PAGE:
A range of developmental processes are now thought to include mechanical aspects not merely as outputs of prior cell signalling decisions, but as a core elements in defining tissue organisation and cell fate. The skin, particularly the chicken skin, represents an excellent experimental model to investigate these processes as it is large, readily and cheaply available without employing a Protected Animal species, the molecular processes taking place to generate feathers are now quite well defined, genetic models of great utility in visualising and manipulating cell number have been generated and characterised, and it is easily manipulated, and undergoes development in a sequence, providing a range of dynamic developmental stages on each sample of skin. We will map the physical characteristics of the developing skin across its different regions and through the dynamic events that pattern it, determine the effects of mechanical events on cell behaviour, signal transduction, gene expression, and cell fate determination, and determine the cell and molecular source of physical differentiation of the skin. The conclusions gained will advance understanding of vertebrate development and cell biology, as well as providing insight into the means to achieve the engineering of complex tissues.

Planned Impact

This project will illuminate mechanisms of embryonic development and pattern formation, achieved by integrating cell motility, signalling and tissue mechanical influences. The immediate impact will chiefly be upon the academic beneficiaries and in engaging the general public, with future underpinning of understanding of the determination of tissue structure and potential for tissue engineering. The project is particularly relevant to tissue engineering of the skin, a major area of interest for wound healing therapeutics and in industry for cosmetic development and testing in vitro.

The general public has an interest in the beautiful patterns seen in the anatomy and in the origins of these patterns. The impact of this project upon the public will be enhanced by the 'real-world' nature of the model system studied; the arrangement of feathers on birds. This model is easily appreciated by a lay audience and, combined with the striking moving images produced of cells undergoing spatial patterning, this area is ideal for public engagement activities. In this regard the use of cultured skins, rather than experimentation on intact animals, will aid public engagement and acceptance.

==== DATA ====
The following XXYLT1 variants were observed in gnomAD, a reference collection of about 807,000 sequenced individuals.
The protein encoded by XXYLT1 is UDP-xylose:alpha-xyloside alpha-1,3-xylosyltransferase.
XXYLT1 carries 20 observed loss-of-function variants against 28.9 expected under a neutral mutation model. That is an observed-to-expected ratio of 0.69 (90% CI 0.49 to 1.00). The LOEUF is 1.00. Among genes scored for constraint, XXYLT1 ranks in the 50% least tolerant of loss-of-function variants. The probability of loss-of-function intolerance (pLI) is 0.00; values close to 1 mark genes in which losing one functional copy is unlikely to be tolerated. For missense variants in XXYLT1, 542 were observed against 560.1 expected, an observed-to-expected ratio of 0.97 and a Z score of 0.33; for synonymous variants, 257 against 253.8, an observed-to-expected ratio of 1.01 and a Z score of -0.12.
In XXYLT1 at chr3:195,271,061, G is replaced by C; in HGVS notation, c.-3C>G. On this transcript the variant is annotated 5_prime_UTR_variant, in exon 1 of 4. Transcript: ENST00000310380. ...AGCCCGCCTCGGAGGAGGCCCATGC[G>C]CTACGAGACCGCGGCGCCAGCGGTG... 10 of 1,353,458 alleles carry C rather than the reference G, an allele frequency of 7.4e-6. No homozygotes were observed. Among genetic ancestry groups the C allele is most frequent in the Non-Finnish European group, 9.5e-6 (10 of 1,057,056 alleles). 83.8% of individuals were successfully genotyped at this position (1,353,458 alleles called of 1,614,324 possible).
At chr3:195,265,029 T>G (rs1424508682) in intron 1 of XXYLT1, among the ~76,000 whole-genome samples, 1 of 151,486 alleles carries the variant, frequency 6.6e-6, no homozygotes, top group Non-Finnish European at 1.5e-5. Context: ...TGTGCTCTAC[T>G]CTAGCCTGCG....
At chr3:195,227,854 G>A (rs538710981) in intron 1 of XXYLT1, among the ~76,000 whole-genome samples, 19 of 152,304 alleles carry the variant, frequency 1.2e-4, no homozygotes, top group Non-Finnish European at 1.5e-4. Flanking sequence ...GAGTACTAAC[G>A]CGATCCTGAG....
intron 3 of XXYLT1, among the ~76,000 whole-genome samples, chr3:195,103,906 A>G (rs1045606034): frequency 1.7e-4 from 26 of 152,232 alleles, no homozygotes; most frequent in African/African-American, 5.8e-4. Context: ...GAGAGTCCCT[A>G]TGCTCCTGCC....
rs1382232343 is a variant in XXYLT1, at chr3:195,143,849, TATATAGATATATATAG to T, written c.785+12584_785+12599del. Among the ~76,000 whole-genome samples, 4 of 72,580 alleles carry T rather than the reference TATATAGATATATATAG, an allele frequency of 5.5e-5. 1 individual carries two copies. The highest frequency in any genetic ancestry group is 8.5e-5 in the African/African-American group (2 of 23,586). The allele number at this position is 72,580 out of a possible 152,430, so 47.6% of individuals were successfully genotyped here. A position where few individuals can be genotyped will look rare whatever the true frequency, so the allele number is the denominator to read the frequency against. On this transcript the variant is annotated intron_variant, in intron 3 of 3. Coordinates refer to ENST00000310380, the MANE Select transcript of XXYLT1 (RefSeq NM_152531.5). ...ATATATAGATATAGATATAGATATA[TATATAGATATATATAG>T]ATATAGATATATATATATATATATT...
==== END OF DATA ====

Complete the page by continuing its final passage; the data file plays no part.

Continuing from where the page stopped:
Academic beneficiaries will gain new insights into the basis of vertebrate development and the way in which cell signalling and tissue mechanics are integrated to break the symmetry of tissues and generate pattern de novo. In addition, the specific signalling pathways under study - those of the WNT, BMP and FGF pathways - are relevant to the development of many vertebrate organs and will inform studies regarding the effects of these signals on cell behaviour and patterning in a range of tissues, and in efforts to guide and control self-organisation in cultured organoids.

The practical implications arising from this work lie in understanding tissue development for repair and regeneration, and for design of tissue engineering approaches in which physical manipulations can be employed to improve the properties of constructed tissues.


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Schuepbach-Mallepell S (2021) Methods for the Administration of EDAR Pathway Modulators in Mice. in Methods in molecular biology (Clifton, N.J.)